'Unsafe' practices spur new rise in Ebola cases, WHO says
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The number of new cases of Ebola rose in all three of West Africa’s worst-hit countries last week, the World Health Organization (WHO) said on Wednesday, ending several weeks of encouraging declines across the region.
Suspicion of aid workers, especially in Guinea, and unsafe local practices were continuing to hamper efforts to halt the deadly virus, the United Nations agency said.
“An unsafe burial that took place in early January in the (Guinean) eastern prefecture of Lola, on the border with Côte d’Ivoire, has so far resulted in an outbreak of 11 confirmed cases,” it said. Investigators had been initially rebuffed by the local population, it added.
Mourners have caught the haemorrhagic disease in the past by touching the highly-contagious bodies of dead loved ones, sometimes by laying hands on them to say goodbye.
The WHO said a week ago that there had been 99 confirmed cases in the week to Jan. 25, the lowest tally since June 2014, raising hopes that the tide might have turned.
But its new figures, for the week ending Feb. 1, showed the first recorded rise in new cases across all three countries this year.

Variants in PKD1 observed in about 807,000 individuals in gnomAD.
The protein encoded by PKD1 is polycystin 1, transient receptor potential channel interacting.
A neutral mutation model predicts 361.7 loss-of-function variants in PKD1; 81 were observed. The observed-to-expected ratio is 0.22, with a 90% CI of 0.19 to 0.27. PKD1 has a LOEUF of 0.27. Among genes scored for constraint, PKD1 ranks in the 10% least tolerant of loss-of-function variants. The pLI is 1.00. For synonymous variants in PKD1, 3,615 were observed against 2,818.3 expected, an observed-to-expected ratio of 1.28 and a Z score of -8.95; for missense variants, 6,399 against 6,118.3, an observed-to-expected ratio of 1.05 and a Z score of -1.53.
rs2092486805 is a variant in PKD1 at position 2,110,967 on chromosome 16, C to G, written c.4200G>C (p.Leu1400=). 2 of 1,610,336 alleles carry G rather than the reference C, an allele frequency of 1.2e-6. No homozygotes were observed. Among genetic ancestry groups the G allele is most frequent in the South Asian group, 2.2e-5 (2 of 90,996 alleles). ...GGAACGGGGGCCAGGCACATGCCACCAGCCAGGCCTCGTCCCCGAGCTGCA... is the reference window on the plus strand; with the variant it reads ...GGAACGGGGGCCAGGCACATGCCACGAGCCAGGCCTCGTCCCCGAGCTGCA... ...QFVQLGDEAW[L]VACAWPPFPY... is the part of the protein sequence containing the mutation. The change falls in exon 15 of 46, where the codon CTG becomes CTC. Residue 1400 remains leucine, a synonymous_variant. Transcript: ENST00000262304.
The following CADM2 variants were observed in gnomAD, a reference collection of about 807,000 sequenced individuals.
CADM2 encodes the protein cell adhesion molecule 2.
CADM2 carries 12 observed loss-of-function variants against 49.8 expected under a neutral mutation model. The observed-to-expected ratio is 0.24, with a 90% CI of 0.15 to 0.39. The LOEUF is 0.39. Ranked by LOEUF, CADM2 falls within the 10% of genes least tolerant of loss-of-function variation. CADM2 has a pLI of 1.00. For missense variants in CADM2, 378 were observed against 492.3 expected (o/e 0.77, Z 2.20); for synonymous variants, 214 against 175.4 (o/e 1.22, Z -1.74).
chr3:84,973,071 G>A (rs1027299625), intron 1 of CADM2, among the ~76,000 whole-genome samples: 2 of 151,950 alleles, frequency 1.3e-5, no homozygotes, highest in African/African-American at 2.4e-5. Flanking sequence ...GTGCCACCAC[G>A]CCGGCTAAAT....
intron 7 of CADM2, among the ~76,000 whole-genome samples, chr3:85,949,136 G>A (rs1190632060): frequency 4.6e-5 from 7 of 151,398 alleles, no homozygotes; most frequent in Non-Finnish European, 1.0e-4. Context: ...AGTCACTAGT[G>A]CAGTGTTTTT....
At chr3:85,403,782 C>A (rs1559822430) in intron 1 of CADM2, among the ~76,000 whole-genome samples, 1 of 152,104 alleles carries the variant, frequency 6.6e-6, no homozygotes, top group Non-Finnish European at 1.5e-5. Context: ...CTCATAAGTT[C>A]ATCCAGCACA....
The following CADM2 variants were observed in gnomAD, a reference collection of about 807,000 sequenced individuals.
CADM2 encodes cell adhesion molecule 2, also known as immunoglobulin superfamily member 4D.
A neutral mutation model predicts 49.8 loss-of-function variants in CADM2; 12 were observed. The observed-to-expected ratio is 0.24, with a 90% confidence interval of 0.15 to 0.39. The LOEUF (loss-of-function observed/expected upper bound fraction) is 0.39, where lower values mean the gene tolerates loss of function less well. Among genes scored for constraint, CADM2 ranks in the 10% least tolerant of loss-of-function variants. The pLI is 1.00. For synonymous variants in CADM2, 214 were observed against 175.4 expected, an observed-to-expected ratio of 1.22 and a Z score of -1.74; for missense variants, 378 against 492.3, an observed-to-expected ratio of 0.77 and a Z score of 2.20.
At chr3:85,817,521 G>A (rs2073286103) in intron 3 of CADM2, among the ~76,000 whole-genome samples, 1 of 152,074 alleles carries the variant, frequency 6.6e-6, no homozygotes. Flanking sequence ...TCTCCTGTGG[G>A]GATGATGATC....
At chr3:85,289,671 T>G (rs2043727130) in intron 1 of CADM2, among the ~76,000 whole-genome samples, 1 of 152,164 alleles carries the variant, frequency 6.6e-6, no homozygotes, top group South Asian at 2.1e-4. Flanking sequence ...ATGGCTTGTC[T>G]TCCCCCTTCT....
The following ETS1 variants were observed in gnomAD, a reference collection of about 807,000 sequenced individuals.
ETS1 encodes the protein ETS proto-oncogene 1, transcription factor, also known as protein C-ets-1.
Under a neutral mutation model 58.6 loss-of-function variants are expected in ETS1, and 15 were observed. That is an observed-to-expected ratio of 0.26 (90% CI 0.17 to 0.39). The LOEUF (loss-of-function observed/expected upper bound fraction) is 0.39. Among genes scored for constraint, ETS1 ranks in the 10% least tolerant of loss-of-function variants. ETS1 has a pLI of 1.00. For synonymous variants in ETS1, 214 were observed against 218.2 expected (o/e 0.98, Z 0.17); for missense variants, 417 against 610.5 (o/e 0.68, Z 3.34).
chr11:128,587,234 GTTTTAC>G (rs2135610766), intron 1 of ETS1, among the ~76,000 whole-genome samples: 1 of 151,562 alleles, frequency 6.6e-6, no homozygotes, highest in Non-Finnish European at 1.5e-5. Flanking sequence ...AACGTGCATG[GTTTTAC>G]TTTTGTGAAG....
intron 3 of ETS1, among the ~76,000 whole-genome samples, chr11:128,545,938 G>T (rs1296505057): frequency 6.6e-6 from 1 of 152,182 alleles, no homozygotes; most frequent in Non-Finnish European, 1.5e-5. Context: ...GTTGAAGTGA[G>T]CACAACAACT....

Nearly one third of Guinea’s 34 prefectures had reported at least one security incident or other form of refusal to cooperate with health workers in the previous week.
Villagers are often alarmed by the approach of aid workers wearing space-age protective equipment and have resisted efforts to find cases, isolate those infected and chlorinate homes.
Meetings were planned between authorities from Guinea, Mali and Senegal to strengthen disease surveillance, the WHO said. A rapid response team has deployed in the border area with Ivory Coast, it added.
The WHO said there was an urgent need to step up efforts before the start of the April-May rainy season, when downpours can block roads and make it difficult for health teams to travel.
In all, 8,981 people have died of Ebola out of 22,495 known cases in nine countries since the outbreak began in December 2013, according to the agency.